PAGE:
Death at the Chateau Bremont: A Verlaque and Bonnet Mystery
By M. L. Longworth
Penguin, 2011, 320 pages. Mystery
Étienne de Bremont is found dead beneath a window at his country Chateau, unsettling the city of Aix-en-Provence where the count was well loved and respected. The death has all the appearance of an accident, but to those who knew the nobleman the circumstances become increasingly mysterious. How could Etienne, a natural athlete from boyhood, have stumbled out of a window he knew so well? Verlaque, a seductive, dark-eyed judge, and Marine Bonnet, an elegant law professor, investigate these curious inconsistencies and slowly get drawn into the case. Readers not only get a suspenseful mystery, but also a romance, and a rich, luxuriously evoked setting.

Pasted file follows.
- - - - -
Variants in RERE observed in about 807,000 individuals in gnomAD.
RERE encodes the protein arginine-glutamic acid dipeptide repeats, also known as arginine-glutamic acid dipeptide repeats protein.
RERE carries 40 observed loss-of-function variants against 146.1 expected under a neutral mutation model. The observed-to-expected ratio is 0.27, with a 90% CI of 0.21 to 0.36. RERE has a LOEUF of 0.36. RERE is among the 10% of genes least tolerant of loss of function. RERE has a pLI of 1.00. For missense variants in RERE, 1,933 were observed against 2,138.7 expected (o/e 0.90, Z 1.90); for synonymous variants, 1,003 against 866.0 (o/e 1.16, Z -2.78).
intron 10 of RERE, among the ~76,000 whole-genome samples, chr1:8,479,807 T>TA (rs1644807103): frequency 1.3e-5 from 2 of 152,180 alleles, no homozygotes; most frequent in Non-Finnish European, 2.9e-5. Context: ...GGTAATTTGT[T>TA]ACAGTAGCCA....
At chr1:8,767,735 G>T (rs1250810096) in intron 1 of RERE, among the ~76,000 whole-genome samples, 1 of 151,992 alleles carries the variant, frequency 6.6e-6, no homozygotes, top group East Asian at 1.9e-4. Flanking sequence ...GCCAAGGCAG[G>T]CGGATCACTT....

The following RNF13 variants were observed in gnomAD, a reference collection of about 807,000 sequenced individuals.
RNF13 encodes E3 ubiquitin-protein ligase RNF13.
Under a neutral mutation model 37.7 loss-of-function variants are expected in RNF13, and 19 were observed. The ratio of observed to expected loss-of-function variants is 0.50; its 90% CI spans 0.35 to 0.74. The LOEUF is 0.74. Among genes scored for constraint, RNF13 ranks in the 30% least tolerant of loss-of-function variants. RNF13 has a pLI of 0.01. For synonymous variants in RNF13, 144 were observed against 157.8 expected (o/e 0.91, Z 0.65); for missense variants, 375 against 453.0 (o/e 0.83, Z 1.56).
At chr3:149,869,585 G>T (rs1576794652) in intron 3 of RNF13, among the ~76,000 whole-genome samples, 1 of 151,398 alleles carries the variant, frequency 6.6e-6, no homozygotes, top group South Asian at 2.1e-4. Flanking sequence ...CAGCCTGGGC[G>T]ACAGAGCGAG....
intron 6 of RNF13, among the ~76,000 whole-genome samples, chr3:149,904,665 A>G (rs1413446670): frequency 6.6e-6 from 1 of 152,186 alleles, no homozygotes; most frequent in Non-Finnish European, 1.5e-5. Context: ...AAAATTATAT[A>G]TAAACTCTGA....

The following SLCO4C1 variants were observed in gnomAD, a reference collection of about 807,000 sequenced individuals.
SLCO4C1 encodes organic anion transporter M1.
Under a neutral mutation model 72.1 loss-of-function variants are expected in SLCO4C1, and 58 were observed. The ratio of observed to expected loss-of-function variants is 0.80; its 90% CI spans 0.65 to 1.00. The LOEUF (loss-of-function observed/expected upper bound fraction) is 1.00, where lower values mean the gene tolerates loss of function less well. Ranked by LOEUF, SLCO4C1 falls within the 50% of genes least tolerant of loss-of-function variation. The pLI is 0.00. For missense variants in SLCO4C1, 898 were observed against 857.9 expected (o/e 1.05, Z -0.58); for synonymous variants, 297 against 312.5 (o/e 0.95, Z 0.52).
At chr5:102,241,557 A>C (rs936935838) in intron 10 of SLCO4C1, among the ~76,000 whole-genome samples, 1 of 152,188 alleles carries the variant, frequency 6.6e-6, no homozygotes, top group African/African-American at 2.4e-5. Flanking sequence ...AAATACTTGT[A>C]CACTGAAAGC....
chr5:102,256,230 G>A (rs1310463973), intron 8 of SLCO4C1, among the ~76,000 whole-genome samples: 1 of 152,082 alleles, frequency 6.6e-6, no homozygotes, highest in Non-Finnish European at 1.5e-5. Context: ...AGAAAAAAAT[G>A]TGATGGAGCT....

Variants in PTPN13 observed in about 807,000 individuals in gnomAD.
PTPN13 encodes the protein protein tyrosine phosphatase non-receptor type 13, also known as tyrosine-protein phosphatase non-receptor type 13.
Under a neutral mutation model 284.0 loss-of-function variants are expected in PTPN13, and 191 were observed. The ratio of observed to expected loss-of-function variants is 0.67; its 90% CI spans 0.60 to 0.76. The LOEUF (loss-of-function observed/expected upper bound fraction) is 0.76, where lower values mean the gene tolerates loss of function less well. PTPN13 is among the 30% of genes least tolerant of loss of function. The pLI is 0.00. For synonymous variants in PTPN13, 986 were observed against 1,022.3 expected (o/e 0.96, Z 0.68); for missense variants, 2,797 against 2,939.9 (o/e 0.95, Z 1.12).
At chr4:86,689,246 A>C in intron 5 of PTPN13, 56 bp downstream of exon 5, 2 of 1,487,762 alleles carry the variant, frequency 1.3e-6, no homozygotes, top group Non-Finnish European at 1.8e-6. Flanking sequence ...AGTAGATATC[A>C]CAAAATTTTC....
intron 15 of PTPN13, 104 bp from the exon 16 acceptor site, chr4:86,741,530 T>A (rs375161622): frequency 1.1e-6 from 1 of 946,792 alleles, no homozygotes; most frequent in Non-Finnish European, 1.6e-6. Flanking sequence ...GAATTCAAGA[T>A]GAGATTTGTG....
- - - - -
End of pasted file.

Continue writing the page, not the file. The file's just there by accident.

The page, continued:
To me, this novel is barely about the mystery: it is about Provence. One almost gets the feeling that the mystery was simply an excuse for Longworth to write about her love affair with France; and what a literary and beautiful affair it is. The book is steeped in atmospheric French cafes, vintage wines, and fine cuisine; perfect for anyone who loves Provence or desperately desires to visit. I suggest pairing it with whatever French music you have (or the French Café station on Pandora) and finishing it on a cozy chair all in one sitting. Fortunately for anyone else who may fall in love with Verlaque, Bonnet, and the Aixois, the second book in the series was just published: Murder on the Rue Dumas. Highly Recommended.